The Landmark series on Sky Arts has announced it’s first winner. Favour Jonathan has won with her mesh sculpture of Ira Aldridge holding a watch aloft, which has now been installed halfway up the former IKEA building on Croft Road in Coventry. The building is currently being used as a HQ for City of Culture and at some point in time is due to become the National Collections art centre.
It may seem like a strange place to put it, so high up when it would be much more visible and imposing on the ground, but it has been suggested that when the building becomes the National Collections centre, a new front door will be put in on the Croft Road side by the Sky Dome, meaning then Ira will be over the front door. Having seen the sculpture in position, there is a slight concern though that is when it is sunny the black mess appears grey, just like the wall behind it so it becomes harder so see. but the talk was that if it doesn’t work where it is it may well move in the future.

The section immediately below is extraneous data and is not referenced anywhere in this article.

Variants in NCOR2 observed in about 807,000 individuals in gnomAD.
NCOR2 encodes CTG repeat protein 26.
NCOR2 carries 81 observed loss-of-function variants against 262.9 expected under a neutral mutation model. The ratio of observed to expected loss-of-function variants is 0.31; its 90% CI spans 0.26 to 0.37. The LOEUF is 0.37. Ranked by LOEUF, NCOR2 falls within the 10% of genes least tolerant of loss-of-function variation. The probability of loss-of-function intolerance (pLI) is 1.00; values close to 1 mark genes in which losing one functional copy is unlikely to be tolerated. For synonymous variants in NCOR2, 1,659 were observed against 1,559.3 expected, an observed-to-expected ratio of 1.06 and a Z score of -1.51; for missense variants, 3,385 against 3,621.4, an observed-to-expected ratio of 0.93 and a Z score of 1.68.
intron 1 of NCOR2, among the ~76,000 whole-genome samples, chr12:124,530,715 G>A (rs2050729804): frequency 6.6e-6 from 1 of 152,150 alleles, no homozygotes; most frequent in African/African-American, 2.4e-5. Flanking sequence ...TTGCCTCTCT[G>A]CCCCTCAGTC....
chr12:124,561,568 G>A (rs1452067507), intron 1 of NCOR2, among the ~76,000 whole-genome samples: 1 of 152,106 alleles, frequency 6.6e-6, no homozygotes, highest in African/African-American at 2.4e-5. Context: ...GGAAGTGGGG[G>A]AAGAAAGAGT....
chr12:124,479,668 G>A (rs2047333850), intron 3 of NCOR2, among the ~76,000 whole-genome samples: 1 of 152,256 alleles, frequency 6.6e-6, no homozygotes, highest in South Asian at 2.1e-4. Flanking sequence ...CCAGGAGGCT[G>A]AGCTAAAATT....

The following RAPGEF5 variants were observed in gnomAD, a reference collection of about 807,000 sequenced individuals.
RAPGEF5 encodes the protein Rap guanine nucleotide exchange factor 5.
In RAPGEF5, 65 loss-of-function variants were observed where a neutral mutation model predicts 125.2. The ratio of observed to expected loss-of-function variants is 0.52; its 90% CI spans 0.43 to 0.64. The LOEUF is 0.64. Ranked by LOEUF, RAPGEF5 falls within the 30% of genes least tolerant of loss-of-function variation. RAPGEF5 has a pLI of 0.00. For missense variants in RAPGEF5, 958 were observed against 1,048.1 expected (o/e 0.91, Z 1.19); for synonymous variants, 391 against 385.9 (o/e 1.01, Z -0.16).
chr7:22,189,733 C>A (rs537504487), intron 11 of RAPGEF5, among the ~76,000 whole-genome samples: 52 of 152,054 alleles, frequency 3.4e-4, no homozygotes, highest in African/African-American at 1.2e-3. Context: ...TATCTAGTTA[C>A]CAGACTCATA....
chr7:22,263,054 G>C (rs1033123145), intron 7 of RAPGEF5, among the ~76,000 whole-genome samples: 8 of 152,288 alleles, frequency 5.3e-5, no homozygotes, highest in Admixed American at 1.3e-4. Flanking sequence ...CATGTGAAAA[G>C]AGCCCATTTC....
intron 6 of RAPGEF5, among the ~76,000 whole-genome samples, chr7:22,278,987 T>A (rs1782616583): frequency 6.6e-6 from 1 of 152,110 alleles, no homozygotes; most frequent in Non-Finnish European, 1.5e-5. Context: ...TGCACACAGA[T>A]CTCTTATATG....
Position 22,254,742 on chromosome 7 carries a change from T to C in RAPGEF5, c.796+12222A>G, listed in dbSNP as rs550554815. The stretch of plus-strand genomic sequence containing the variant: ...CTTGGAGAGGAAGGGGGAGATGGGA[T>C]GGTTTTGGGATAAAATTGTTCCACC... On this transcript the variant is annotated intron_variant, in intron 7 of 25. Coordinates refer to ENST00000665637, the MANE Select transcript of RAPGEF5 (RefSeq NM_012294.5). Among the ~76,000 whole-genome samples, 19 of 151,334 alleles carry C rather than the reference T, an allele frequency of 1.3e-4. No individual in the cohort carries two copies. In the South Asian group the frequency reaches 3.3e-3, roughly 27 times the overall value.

Perhaps the most surprising thing in the programme, besides the fact the artist wanting to build a bicycle-based artwork didn’t know the site was formerly the largest bike factory in the world at a time when Coventry was the global centre of the industry, which may well have helped his pitch (in a similar vein, Favour Jonathan wanted the watch as a reference to people changing the times they live in, not to do with the fact Coventry was the centre of that industry too, though I expect a lot of people will wrongly think that is what the statue is actually about), was that the brand new mural of Ira Aldridge on the side of the Belgrade Theatre wasn’t included at all in the programme.
This was even more bizarre as outside shots of the theatre were used from the most obtuse angle, to make sure the mural was never in shot. The mural is of course there because at the age of around 21 Aldridge became the manager of the Coventry Theatre in 1828, but it wasn’t in the show because according to sources at Sky, Dreph, the artist who painted the mural refused permission for it to be included in the show. That’s something which I at least took as a big surprise, given that it’s outside on a wall now, surely who films or photographs it should be beyond the propriety of the artist.
As this is being written, there is still a tarp over Ira, as he was actually installed in August and covered up until the end of the series was broadcast today (18th October 2021) with everyone who saw it having to pretend they didn’t know it was there until now. But you’ll soon be able to see this landmark, which is another tribute to Coventry’s proud history as a trailblazer for racial equality in the arts.